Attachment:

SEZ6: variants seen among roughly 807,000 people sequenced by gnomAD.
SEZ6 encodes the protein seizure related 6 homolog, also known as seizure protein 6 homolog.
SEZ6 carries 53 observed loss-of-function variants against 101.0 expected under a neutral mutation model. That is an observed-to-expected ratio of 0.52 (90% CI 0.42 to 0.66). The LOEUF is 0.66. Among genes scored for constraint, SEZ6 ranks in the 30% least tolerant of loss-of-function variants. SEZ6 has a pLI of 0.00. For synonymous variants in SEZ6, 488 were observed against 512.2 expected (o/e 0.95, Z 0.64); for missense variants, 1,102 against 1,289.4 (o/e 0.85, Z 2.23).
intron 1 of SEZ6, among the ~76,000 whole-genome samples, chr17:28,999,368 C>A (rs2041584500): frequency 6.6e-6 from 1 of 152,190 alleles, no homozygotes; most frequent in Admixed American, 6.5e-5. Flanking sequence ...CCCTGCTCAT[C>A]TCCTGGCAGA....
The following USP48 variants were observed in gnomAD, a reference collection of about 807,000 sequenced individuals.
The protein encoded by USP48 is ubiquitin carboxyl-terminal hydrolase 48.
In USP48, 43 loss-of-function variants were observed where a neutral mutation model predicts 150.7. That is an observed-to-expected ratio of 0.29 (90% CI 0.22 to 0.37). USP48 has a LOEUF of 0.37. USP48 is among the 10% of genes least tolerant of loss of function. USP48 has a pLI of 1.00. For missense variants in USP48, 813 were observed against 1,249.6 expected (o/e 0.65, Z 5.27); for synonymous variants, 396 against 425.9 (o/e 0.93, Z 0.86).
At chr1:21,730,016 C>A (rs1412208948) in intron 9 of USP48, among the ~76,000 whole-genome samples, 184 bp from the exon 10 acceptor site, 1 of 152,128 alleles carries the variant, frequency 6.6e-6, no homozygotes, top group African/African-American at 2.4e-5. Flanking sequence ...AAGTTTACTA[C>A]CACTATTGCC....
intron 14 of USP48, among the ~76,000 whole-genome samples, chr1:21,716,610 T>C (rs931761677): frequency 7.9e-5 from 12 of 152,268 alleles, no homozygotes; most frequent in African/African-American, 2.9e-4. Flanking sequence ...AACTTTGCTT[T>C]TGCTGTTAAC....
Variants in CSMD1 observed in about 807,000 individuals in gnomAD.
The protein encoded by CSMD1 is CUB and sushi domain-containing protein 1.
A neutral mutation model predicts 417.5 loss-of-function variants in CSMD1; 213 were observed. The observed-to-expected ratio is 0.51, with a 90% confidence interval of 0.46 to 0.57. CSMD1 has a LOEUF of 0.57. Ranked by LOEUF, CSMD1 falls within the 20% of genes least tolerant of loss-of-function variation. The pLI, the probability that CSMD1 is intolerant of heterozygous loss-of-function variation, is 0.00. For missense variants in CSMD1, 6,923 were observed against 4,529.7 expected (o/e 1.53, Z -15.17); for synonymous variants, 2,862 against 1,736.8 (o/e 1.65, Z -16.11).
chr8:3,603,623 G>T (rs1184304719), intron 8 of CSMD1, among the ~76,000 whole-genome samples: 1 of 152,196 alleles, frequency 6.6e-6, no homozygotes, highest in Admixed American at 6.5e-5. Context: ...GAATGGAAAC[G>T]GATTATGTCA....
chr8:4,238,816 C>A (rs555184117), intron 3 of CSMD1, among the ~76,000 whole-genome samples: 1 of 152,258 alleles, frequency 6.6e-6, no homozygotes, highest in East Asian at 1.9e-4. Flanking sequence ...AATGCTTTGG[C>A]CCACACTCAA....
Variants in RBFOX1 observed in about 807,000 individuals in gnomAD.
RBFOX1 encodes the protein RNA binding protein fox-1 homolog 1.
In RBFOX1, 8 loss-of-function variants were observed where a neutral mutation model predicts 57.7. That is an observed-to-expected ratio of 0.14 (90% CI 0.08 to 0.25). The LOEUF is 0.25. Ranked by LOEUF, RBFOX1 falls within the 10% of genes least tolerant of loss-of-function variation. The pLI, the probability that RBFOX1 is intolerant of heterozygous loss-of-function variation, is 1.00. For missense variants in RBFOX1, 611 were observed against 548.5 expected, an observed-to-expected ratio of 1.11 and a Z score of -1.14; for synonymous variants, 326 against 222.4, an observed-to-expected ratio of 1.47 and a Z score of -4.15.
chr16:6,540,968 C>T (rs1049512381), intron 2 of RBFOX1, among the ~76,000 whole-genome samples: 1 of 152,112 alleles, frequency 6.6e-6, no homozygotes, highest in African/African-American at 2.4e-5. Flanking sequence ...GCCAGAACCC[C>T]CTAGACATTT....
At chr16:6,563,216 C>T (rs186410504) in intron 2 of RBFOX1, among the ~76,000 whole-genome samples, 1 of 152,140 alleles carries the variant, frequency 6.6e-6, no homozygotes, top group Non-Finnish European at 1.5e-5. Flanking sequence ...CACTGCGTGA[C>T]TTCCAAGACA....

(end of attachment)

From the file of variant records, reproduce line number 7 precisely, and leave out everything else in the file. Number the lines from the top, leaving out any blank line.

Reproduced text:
In USP48, 43 loss-of-function variants were observed where a neutral mutation model predicts 150.7. That is an observed-to-expected ratio of 0.29 (90% CI 0.22 to 0.37). USP48 has a LOEUF of 0.37. USP48 is among the 10% of genes least tolerant of loss of function. USP48 has a pLI of 1.00. For missense variants in USP48, 813 were observed against 1,249.6 expected (o/e 0.65, Z 5.27); for synonymous variants, 396 against 425.9 (o/e 0.93, Z 0.86).